The New Jersey Attorney General’s Office Monday released surveillance footage taken at the Princeton Panera on March 20 showing state troopers fatally shooting Scott Mielentz, 56, of Lawrenceville after a five-hour standoff. Mielentz was brandishing what people thought was a handgun. It was actually a BB gun.
The shooting remains under investigation by the New Jersey Attorney General’s Shooting Response Team. Some records were released today in response to requests under the New Jersey Open Public Records Act and common law. The records include footage from Panera’s surveillance system, 911 recordings, Computer-Aided Dispatch reports, and information about the weapons involved.
The CAD reports and 911 recordings include a 911 call received by the Princeton Police Department at 10:28 a.m. from a man reporting “There’s a guy with a gun at Panera.”
For more than two hours, law enforcement officers from the New Jersey State Police, FBI and Princeton Police Department negotiated with Mielentz, who was holding a black pistol in his hand. At approximately 2:54 p.m., two members of the New Jersey State Police Technical Emergency and Mission Specialists Unit, armed with M4 rifles, fired at Mielentz, striking him in the head and upper torso.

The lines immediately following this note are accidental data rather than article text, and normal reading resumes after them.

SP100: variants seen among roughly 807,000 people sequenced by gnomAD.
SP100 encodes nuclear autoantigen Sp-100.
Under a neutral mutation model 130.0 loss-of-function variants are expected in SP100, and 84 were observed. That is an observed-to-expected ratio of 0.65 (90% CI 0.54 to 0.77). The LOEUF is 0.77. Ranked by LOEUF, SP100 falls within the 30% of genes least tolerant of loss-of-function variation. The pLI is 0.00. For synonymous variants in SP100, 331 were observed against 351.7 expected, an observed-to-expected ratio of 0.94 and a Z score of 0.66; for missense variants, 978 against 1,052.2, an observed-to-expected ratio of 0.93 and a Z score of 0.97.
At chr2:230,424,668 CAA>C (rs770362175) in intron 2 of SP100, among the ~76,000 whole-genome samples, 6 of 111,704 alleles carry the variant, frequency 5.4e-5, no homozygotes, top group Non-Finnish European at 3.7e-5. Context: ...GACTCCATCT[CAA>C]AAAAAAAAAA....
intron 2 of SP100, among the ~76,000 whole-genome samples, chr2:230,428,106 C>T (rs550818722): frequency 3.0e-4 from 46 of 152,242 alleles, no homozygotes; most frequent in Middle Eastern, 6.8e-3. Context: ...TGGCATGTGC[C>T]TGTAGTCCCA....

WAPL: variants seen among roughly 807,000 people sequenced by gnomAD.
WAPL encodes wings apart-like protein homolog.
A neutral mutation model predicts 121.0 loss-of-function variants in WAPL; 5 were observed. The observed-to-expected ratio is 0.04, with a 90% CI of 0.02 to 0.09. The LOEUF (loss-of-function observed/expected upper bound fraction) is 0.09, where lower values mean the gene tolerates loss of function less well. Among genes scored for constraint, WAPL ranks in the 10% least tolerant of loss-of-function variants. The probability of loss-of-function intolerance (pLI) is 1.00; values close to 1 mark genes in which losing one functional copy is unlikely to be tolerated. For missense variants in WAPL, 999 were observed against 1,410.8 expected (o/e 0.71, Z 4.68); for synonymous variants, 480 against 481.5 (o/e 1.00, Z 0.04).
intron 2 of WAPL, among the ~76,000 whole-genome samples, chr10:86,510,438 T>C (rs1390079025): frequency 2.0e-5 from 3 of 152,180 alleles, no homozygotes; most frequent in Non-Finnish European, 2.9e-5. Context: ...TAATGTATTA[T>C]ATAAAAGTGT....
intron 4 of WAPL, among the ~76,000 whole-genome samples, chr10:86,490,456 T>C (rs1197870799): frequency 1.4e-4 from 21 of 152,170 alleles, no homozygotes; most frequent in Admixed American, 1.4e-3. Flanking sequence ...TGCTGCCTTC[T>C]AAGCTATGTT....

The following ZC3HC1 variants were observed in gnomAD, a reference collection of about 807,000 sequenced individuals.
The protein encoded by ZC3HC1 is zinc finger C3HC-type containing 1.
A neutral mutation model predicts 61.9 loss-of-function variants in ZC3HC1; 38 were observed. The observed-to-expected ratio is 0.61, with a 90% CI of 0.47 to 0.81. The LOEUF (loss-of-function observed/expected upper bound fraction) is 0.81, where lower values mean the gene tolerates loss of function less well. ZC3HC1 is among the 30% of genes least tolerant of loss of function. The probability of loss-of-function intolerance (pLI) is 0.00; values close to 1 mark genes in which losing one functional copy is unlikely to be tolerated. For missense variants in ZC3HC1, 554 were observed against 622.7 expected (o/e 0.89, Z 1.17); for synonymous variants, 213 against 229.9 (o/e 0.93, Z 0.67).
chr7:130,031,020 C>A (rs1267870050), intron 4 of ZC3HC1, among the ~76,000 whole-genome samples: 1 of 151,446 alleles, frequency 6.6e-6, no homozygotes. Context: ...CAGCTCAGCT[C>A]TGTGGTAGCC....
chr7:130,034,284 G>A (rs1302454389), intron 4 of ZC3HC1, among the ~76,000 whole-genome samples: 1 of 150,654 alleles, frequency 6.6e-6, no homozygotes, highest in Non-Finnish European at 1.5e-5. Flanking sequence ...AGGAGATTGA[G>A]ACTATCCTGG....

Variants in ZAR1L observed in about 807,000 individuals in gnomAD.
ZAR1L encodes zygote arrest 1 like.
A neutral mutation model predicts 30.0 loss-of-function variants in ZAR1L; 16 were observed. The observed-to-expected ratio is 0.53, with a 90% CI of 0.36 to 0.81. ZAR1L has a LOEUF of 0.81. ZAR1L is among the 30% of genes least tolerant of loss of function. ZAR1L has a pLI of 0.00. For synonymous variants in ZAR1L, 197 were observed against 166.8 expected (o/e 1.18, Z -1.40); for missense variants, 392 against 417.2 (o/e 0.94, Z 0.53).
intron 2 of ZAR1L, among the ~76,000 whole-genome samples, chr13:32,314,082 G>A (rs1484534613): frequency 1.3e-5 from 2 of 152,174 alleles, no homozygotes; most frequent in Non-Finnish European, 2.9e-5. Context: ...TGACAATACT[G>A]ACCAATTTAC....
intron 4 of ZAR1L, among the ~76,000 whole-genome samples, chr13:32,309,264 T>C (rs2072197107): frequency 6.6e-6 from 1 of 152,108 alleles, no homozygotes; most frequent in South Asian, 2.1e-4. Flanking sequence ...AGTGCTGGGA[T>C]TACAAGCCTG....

The video shows that immediately prior to the fatal shooting, Mielentz, who had been holding the pistol near his waist in his right hand, raised the pistol and pointed it in the direction of the officers, who were standing behind a counter area. Mielentz was pronounced dead at the scene. The pistol in Mielentz’s hand was later determined to be a black Crosman PFM BB Pistol. Most news outlets had erroneously reported on the day of the standoff that Mielentz had brought a rifle or semi-automatic rifle at the Panera.
In New Jersey, all investigations of police deadly force incidents are governed by the Attorney General’s Independent Prosecutor Directive, issued in 2006 and strengthened in 2015, which establishes strict procedures for conducting such investigations. It requires the Attorney General to review all deadly force investigations, and in some cases conduct them as well. The directive further provides that unless the undisputed facts indicate the use of force was justified under the law, the circumstances of the incident must ultimately be presented to a grand jury, composed of 23 civilians, for its independent review.